Although it’s illegal in most states and nearly always against the rules of colleges and universities, the practice of hazing continues.
Verbally harassing people, making them perform embarrassing and often dangerous rituals in front of others, and even physically abusing them as a way to prove their loyalty to a group has been going on for centuries.
The death of Florida A&M University drum major Robert Champion has recently raised public scrutiny of hazing. The 26-year-old was beaten to death by fellow band members on a chartered bus in November 2011. Eleven people involved in his death are facing third-degree felony charges under Florida law. “Hazing with death” is a crime punishable by up to six years in prison. Two others face misdemeanor charges for their involvement. The last of the 13 people charged in his death surrendered to authorities this weekend, reports The Chicago Tribune.
The Washington Post reminds the public that FAMU’s hazing tragedy is one of the most sensational in recent history. Pam Champion, the victim’s mother, told the media that although she was glad charges were brought, she was disappointed they weren’t more severe. “I thought it should send a harsher message,” she said of her son’s tragic death.
Although hazing is most often associated with fraternities and sororities, it also happens among sports teams, military units, clubs, and—as the FAMU case sadly demonstrates—marching bands. The Post reports that hazing is fairly common in marching bands, particularly at Southern historically black colleges like FAMU.
According to Psychology Today, Champion wanted to ride on the band bus reserved for percussion students, who are considered to have the highest “status” among band members. To be “accepted,” a student had to run from the front to the back of the bus while being beaten along the way. Although his tragic death is by no means acceptable, it cannot be denied that Champion had voluntarily decided to perform the hazing ritual.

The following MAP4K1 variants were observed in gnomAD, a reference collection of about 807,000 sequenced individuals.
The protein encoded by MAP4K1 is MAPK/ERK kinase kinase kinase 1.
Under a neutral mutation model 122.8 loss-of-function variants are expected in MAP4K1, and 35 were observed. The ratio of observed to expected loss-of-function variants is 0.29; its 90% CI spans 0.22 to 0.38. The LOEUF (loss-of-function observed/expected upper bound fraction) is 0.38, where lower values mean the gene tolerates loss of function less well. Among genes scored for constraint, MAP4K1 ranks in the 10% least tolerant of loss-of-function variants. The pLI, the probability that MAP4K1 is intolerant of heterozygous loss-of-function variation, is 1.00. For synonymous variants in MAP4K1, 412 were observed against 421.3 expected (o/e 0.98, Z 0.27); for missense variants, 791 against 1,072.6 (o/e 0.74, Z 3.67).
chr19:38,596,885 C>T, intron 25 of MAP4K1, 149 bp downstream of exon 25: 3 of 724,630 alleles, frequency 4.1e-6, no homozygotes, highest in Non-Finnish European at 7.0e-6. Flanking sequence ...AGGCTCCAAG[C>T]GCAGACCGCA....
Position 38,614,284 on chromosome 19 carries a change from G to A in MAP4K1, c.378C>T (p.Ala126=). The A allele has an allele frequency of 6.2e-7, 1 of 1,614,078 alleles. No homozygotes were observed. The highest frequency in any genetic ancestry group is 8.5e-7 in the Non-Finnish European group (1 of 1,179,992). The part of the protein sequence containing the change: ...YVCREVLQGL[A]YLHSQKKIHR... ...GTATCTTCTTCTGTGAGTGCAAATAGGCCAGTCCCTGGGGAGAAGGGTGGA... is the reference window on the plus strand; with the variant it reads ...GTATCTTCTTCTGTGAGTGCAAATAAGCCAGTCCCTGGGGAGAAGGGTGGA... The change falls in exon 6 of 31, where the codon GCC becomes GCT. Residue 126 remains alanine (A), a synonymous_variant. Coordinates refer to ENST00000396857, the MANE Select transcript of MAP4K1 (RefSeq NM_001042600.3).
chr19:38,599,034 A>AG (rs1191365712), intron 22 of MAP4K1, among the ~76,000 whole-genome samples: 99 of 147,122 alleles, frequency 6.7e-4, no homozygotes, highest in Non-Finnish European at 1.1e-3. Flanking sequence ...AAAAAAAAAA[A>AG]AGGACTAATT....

Many people share that sentiment—that young people undergo hazing by choice. Hazing is simply accepted as a rite of passage by many Greek members and alums. When Andrew Lohse, a former Dartmouth College frat member, revealed just what goes on behind closed doors in the Ivy League college’s Greek system, he instantly became an outsider.
According to a Rolling Stone article, the general consensus among Dartmouth alumni was “If you don’t want to be initiated, don’t pledge.” Lohse has been publicly chastised by other students and his former fraternity’s lawyer claims that most of his allegations were false. Lohse’s allegations included pledges being required to swim in a kiddie pool of vomit, urine, fecal matter, semen and rotten food products; eat foods mixed with vomit; and other disgusting and harmful “rituals.”
Despite the backlash he received, his expose caused another Darthmouth graduate to come forward. Ravital Segal confessed in the Huffington Post that when she was a sorority pledge, she had been commanded to drink intense amounts of alcohol in the backseat of a car before she woke up in the Intensive Care Unit along with three other sorority pledges. She had lost consciousness and could not remember the events leading up to her hospitalization, but had cuts and bruises all over her body along with two broken teeth. She nearly died of alcohol poisoning but her sorority went unpunished because no one would come out and say the incident was hazing.
The view that non-violent hazing—such as making someone wear mismatched clothes or do something embarrassing in front of others, for example—is harmless should be reconsidered. Hazing doesn’t have to be deadly to cause harm. The psychological damages can be just as severe.
ABC News reports that hazing has become increasingly more violent among young women. One former sorority sister told the press that she was not only violently abused but emotionally humiliated by rituals such as being ranked in order of breast size and being told what to wear to various Greek functions. “No muffin tops” was among one of the rules mentioned in a lengthy sorority email.
The group StopHazing.org was founded in 1998 and now helps educate tens of thousands of visitors each month. The group and its website’s main purpose is to serve as a resource for accurate, up-to-date hazing information for students, parents and educators. For more information about college hazing, visit StopHazing.org’s Resouces on Fraternity Hazing.
Melissa Rhone earned her Bachelor of Music in Education from the University of Tampa. She resides in the Tampa Bay area and enjoys writing about college, pop culture, and epilepsy awareness.
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